Image source: Fitbit

Fix it: Dealing with battery drain issues on Charge 4 & other Fitbits

Fitbit devices are known for their excellent battery life. But what should you do if the wearable is not holding charge? There’ve been complaints in particular about Charge 4 battery drain. This article is part of our series on how to fix common issues.


To start off – make sure you do this first

First off you should make sure you’re charging your device properly. Have a read through our article that explains what to do if your Fitbit activity tracker or smartwatch is not charging. It provides a few solutions to try out such as:

  • restarting your tracker,
  • cleaning the device and charging cable,
  • making sure the USB port or outlet is not faulty and
  • making sure the tracker is connected securely to the charging cable.

Fitbit says that is also not a good idea to charge your device in extreme heat or cold. It might impede with the charging process.

Finally, make sure you have the latest software issue installed. A good example is Charge 4. In early 2020 there were lots of complaints of Charge 4 battery drain issues. It turns out the culprit was a software glitch. Once users installed the new firmware update everything returned back to normal.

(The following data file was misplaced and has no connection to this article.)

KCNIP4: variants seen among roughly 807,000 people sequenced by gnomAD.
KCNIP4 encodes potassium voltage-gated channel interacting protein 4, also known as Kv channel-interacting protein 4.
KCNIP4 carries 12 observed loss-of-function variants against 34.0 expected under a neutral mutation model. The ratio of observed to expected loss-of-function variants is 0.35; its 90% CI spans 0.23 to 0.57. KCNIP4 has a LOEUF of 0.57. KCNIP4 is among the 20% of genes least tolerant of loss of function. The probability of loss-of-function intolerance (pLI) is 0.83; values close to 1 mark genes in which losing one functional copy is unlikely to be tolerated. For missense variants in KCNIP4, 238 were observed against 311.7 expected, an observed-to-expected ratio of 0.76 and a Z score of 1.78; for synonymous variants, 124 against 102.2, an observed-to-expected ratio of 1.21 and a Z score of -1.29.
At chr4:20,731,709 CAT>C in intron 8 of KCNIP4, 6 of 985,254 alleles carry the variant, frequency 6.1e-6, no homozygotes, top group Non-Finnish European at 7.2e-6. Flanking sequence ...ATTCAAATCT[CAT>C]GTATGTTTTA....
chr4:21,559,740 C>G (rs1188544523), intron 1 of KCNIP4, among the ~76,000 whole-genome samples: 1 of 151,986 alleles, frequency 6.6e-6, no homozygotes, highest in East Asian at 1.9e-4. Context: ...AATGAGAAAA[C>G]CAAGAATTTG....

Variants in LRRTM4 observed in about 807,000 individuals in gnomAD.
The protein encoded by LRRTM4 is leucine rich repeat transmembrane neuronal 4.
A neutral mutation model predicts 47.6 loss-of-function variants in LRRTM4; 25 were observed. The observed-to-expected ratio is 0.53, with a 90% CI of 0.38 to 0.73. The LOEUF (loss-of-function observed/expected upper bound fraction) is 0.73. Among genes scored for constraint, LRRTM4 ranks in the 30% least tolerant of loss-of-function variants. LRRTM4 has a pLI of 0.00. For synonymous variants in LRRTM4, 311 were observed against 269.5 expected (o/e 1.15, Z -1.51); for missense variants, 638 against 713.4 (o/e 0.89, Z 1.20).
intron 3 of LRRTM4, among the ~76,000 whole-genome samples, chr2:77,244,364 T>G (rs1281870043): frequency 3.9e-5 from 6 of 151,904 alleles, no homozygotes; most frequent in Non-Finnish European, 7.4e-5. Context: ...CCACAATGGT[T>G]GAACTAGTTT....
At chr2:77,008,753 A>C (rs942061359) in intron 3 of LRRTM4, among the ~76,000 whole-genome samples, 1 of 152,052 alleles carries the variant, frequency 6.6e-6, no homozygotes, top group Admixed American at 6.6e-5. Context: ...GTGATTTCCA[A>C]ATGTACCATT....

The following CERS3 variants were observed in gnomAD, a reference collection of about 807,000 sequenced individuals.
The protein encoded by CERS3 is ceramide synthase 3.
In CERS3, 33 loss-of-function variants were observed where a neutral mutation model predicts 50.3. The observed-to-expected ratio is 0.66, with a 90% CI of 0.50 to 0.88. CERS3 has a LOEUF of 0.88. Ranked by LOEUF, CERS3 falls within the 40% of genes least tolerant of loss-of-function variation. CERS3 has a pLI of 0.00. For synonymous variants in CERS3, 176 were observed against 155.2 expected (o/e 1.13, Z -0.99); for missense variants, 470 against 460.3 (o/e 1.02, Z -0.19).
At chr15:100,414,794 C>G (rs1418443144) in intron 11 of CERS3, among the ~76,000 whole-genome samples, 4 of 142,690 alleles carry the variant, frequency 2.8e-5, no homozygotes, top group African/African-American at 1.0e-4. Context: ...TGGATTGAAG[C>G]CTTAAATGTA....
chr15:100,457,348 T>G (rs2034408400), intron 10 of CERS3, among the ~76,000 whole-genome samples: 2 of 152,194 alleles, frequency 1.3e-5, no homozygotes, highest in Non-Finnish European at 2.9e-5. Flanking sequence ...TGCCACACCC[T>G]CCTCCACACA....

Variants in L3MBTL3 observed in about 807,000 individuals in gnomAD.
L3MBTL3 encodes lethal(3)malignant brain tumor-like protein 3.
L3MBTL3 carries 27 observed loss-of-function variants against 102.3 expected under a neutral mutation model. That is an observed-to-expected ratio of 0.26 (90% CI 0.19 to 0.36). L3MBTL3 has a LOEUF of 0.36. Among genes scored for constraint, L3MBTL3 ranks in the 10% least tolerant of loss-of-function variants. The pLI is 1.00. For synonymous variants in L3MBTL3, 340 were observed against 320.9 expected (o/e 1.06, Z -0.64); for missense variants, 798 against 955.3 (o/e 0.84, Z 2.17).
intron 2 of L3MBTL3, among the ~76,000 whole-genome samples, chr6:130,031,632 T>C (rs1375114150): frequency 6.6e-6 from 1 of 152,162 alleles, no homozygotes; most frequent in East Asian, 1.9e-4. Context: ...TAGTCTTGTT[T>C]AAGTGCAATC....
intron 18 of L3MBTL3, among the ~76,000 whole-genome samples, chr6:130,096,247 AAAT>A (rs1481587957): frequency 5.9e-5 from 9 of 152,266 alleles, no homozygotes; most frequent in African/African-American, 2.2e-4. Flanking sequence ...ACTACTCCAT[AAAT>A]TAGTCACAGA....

However, if you tried all of the above and are still having problems – try one of the solutions below.


Dealing with battery draining issues on a Fitbit

The length of time your Fitbit wearable operates depends on how frequently you use it and various settings. Here’s a table illustrating what to expect with normal use.

what to do if your fitbit activity tracker or smartwatch is not charging - Fix it: Dealing with battery drain issues on Charge 4 & other Fitbits

If you’re not approaching these sorts of numbers there are a few things you can do. But before you do any of this restart your device – that often solves any issues you might be having.

Ace series, Alta and older Inspire devices

The Ace series, Alta and older Inspire devices have an advertised battery life of around 5 days. If you’re struggling to achieve this figure try one of the following:

Turn off the option to wake the screen when you turn your wrist. On Ace, Alta and most older devices this is done by turning off the Quick View option in the Fitbit smartphone app. On more recent wearables, this can be done from the device itself. For example on Ace 2 and Inspire, press and hold the side button, then choose the Screen Wake setting and switch it off.

Turn off the option to receive notifications from your smartphone. If you receive a large amount of notifications, this can drain the battery.

Receive fewer reminders to move by tweaking the settings. You can also switch off these reminders, along with alarms which also reduce battery life.


Alta HR, Inspire HR and 2, Blaze

An Alta HR or Blaze can keep going 5 days between charges while Inspire HR’s advertised battery life is 7 days and Inspire 2 10 days. All of these have a heart rate sensor, so in addition to the solutions above you can turn off the Heart Rate setting if you don’t need heart-rate tracking day and night.